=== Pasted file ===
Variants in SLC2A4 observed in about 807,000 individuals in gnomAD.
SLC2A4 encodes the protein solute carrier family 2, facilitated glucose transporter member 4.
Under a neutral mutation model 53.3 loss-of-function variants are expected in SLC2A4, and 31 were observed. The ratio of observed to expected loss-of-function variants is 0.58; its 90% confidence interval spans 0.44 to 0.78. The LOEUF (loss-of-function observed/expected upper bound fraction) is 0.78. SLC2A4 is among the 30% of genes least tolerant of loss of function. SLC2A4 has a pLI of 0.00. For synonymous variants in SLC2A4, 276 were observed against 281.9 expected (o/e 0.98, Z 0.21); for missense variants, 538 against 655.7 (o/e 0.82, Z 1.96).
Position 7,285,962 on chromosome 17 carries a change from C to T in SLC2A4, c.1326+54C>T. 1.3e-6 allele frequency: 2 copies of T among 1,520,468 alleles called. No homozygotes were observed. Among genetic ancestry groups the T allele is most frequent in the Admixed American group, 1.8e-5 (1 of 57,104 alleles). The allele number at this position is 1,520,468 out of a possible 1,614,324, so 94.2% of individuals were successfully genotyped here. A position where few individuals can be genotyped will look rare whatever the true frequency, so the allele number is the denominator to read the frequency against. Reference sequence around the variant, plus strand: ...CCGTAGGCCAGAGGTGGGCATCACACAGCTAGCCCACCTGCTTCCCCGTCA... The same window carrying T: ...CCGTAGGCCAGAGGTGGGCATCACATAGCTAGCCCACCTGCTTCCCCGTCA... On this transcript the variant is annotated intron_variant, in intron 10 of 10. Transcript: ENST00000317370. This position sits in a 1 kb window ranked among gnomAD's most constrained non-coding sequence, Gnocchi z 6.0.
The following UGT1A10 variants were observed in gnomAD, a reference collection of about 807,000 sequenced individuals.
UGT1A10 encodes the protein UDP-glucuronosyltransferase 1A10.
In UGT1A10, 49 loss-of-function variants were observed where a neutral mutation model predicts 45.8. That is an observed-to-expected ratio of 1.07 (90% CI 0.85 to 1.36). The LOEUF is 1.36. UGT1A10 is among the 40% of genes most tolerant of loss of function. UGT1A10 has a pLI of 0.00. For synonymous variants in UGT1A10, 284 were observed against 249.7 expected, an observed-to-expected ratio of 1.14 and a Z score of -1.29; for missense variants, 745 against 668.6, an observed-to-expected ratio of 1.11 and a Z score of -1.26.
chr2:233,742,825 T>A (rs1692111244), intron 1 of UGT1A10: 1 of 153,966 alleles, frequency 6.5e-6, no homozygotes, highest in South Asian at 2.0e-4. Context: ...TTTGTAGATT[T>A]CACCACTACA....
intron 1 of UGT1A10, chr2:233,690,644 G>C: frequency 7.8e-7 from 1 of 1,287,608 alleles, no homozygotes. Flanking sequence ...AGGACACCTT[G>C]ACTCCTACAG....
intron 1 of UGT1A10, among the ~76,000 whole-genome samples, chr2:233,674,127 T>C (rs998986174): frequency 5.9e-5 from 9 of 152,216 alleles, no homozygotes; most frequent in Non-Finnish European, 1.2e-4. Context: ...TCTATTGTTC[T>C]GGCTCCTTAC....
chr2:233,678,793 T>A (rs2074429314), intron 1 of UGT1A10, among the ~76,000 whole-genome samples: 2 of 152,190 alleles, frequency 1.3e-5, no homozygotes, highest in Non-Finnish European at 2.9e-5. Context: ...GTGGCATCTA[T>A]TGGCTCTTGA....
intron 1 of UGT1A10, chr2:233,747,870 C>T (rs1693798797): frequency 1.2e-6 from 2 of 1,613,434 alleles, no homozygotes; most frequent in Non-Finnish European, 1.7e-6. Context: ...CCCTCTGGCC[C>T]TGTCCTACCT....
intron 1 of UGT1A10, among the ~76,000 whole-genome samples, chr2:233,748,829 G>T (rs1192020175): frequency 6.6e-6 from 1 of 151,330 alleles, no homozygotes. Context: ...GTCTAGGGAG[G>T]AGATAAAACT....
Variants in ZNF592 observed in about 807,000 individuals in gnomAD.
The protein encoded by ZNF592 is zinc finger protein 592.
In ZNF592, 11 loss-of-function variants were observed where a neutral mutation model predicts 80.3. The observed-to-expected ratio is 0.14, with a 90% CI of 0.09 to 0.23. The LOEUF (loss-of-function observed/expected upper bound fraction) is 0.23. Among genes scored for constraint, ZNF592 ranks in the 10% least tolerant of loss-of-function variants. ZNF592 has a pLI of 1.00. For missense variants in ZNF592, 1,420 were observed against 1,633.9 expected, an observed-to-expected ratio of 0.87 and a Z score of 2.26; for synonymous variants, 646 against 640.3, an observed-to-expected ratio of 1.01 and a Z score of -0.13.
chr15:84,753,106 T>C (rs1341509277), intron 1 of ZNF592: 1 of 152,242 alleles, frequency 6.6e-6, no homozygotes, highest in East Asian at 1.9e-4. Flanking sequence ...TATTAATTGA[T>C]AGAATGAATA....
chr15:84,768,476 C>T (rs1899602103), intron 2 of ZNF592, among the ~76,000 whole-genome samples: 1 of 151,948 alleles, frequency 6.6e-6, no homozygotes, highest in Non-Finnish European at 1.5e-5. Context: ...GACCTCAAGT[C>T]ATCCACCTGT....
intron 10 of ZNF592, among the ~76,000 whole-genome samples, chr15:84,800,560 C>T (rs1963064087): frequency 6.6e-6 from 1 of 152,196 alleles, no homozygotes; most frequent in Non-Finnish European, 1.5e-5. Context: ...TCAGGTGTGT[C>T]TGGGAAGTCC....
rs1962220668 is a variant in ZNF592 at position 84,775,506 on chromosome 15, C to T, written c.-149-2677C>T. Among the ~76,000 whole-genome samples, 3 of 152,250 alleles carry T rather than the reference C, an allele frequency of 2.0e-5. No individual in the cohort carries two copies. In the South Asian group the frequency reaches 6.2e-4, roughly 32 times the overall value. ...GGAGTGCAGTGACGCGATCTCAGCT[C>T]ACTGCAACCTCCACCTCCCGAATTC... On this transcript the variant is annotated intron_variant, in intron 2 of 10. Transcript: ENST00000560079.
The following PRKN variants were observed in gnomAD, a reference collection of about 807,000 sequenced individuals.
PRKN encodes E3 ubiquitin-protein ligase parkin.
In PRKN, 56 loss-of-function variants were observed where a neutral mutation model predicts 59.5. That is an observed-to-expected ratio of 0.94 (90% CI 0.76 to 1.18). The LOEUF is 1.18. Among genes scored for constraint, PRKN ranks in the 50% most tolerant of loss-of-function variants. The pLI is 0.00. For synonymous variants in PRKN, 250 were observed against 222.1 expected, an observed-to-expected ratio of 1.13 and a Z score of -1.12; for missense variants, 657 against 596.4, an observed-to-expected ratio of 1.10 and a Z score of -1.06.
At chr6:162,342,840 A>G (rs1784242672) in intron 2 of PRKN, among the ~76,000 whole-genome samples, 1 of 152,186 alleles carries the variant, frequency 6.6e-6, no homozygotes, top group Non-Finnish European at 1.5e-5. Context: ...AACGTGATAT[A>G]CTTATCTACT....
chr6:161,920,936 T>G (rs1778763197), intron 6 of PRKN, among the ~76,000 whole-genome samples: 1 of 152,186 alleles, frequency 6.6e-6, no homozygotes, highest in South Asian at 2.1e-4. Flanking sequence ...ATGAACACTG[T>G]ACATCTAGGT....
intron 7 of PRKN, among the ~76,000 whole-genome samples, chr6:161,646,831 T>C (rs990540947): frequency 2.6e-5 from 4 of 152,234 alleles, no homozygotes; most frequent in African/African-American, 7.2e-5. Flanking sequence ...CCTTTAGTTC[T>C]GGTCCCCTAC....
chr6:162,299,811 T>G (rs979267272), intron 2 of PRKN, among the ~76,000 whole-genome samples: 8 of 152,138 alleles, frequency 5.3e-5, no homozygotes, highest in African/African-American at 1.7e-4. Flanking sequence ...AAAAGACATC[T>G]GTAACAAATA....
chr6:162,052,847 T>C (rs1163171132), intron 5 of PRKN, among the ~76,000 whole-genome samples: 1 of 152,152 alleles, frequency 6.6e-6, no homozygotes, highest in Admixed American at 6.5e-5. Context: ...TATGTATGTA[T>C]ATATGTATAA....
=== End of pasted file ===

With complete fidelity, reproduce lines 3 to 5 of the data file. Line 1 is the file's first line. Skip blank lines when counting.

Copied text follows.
Under a neutral mutation model 53.3 loss-of-function variants are expected in SLC2A4, and 31 were observed. The ratio of observed to expected loss-of-function variants is 0.58; its 90% confidence interval spans 0.44 to 0.78. The LOEUF (loss-of-function observed/expected upper bound fraction) is 0.78. SLC2A4 is among the 30% of genes least tolerant of loss of function. SLC2A4 has a pLI of 0.00. For synonymous variants in SLC2A4, 276 were observed against 281.9 expected (o/e 0.98, Z 0.21); for missense variants, 538 against 655.7 (o/e 0.82, Z 1.96).
Position 7,285,962 on chromosome 17 carries a change from C to T in SLC2A4, c.1326+54C>T. 1.3e-6 allele frequency: 2 copies of T among 1,520,468 alleles called. No homozygotes were observed. Among genetic ancestry groups the T allele is most frequent in the Admixed American group, 1.8e-5 (1 of 57,104 alleles). The allele number at this position is 1,520,468 out of a possible 1,614,324, so 94.2% of individuals were successfully genotyped here. A position where few individuals can be genotyped will look rare whatever the true frequency, so the allele number is the denominator to read the frequency against. Reference sequence around the variant, plus strand: ...CCGTAGGCCAGAGGTGGGCATCACACAGCTAGCCCACCTGCTTCCCCGTCA... The same window carrying T: ...CCGTAGGCCAGAGGTGGGCATCACATAGCTAGCCCACCTGCTTCCCCGTCA... On this transcript the variant is annotated intron_variant, in intron 10 of 10. Transcript: ENST00000317370. This position sits in a 1 kb window ranked among gnomAD's most constrained non-coding sequence, Gnocchi z 6.0.
The following UGT1A10 variants were observed in gnomAD, a reference collection of about 807,000 sequenced individuals.